Once the mission is over, the space plane is almost entirely reusable except for some propulsion system components and its chemical batteries.
On Track, Under Budget
So far, Lindsey told the committee, the program has completed a number of milestones on time and, will wonders never cease, under budget. Included is the delivery of the program implementation plan; a thorough review of all the manufacturing and tooling plans necessary to being fabrication of Dream Chaser’s aeroshell; the manufacture and ground based tests of the vehicle’s hybrid motor; and the design, fabrication, assembly and test of the space plane’s primary structure to verify support for landing gear and motor thrust loads. The team also successfully flight tested a scale model, dropping it from over 14,000 feet at the NASA Dryden Flight Research Center located at Edwards AFB in California’s Mojave Desert.
Robust Business Model
Despite the mystique of space flight and the considerable engineering challenges associated with a project like Dream Chaser, this is, after all, a commercial venture. So, while the engineers have been busily working with all the tools available to modern day design, including FEA and CFD to simulate the conditions the vehicle will encounter during its travels to the edge of space and back, other members of the SNC team have been conducting market research studies to see if the concept is financially viable.
Happily, the answer seems to be yes. The company is developing multiple potential markets for its Crew Transportation System supported by a reusable lifting body such as Dream Chaser. Among the markets are human transportation (don’t forget the tourists), critical cargo transportation (e.g. supplying the International Space Station), orbital servicing, and orbital sensor and testbed operations. SNC’s relationship with Virgin Galactic gives them the benefit of Virgin’s considerable marketing prowess to develop non-NASA customers around the globe.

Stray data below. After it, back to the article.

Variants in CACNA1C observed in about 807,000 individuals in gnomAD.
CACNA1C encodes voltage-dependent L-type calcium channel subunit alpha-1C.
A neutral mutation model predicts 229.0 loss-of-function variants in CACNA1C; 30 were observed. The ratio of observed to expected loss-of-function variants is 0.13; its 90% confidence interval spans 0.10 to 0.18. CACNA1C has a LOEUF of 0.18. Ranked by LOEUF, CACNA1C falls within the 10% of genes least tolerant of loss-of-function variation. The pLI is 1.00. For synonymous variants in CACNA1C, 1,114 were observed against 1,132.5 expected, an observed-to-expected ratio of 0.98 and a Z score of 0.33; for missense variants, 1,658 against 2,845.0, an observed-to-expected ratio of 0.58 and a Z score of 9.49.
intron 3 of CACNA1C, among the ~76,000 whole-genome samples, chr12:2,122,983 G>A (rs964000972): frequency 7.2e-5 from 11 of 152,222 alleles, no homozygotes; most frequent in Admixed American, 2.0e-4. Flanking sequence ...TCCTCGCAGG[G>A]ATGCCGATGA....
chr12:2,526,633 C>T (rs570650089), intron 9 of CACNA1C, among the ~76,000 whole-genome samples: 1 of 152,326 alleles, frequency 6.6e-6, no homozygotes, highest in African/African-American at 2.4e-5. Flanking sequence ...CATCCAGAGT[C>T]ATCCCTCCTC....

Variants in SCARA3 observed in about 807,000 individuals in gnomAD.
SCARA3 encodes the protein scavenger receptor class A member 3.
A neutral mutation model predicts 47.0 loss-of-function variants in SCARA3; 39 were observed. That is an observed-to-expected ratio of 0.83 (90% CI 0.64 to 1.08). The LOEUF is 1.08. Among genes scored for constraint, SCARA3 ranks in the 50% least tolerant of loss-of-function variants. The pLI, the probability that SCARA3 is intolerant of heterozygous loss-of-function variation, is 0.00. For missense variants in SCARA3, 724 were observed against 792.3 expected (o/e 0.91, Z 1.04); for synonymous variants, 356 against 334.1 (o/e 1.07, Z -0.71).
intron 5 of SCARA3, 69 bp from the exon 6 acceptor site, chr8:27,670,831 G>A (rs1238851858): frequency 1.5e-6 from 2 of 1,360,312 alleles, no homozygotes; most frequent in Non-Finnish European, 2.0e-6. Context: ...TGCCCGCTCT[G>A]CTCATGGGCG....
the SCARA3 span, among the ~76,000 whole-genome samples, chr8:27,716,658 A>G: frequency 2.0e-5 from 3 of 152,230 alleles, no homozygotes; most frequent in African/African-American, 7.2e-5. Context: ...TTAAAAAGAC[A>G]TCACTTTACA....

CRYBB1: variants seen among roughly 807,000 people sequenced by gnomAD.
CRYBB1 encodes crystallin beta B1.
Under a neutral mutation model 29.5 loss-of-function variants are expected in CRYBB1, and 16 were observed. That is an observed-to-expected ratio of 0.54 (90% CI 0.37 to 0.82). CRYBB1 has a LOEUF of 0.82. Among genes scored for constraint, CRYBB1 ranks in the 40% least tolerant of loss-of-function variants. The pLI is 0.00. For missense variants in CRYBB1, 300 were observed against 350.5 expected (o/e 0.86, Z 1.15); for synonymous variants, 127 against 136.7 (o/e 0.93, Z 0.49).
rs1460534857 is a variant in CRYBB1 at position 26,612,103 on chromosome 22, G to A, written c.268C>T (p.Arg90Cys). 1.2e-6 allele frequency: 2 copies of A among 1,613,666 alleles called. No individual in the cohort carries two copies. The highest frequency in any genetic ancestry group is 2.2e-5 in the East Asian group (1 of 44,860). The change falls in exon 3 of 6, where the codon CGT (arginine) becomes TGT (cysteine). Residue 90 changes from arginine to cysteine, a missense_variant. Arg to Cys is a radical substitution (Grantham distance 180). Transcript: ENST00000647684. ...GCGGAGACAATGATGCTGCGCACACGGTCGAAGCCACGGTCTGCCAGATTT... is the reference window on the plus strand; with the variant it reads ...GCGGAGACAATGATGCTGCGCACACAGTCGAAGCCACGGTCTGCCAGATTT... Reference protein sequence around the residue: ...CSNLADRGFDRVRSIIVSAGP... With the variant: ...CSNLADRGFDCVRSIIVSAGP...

And the impact of Dream Chaser on U.S. manufacturing and job creation? NASA is sanguine. Said NASA deputy administrator Lori Garver while visiting the SNC facilities in Boulder, Colo. last February, "It's a pleasure to see commercial space making rapid progress in Colorado. As NASA becomes more nimble, companies like Sierra Nevada and others will help the U.S. out-innovate, out-educate and out-build any competitor in the world.”
The press release went on to say, “As NASA focuses on a renewed program of technology development to reach destinations farther in the solar system, it will continue a vigorous program of human spaceflight aboard the International Space Station and foster a growing commercial space industry with the capability to produce jobs and economic benefits.”
Although transporting crew and servicing the ISS will be an early Dream Chaser goal, it’s major impact on the economy will be through SNC’s expanded operations that include placing and servicing hundreds of satellites in orbit over the next few years, as well as meeting the requirements of other civil agencies, commercial space operations, military agencies, international markets and tourism.
It’s a dream worth chasing.